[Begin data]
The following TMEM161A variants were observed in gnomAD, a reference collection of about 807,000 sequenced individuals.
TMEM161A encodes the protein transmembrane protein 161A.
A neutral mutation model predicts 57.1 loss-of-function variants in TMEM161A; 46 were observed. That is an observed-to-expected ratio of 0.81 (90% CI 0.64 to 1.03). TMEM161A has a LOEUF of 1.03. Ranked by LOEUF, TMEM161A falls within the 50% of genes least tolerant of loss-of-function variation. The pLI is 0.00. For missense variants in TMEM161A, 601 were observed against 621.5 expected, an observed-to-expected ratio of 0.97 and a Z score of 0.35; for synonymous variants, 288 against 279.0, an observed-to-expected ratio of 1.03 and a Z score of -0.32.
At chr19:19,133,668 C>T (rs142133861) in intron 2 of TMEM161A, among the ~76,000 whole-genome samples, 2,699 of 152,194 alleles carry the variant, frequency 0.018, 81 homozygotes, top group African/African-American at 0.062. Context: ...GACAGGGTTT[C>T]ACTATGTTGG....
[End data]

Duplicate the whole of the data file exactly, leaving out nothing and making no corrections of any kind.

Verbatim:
The following TMEM161A variants were observed in gnomAD, a reference collection of about 807,000 sequenced individuals.
TMEM161A encodes the protein transmembrane protein 161A.
A neutral mutation model predicts 57.1 loss-of-function variants in TMEM161A; 46 were observed. That is an observed-to-expected ratio of 0.81 (90% CI 0.64 to 1.03). TMEM161A has a LOEUF of 1.03. Ranked by LOEUF, TMEM161A falls within the 50% of genes least tolerant of loss-of-function variation. The pLI is 0.00. For missense variants in TMEM161A, 601 were observed against 621.5 expected, an observed-to-expected ratio of 0.97 and a Z score of 0.35; for synonymous variants, 288 against 279.0, an observed-to-expected ratio of 1.03 and a Z score of -0.32.
At chr19:19,133,668 C>T (rs142133861) in intron 2 of TMEM161A, among the ~76,000 whole-genome samples, 2,699 of 152,194 alleles carry the variant, frequency 0.018, 81 homozygotes, top group African/African-American at 0.062. Context: ...GACAGGGTTT[C>T]ACTATGTTGG....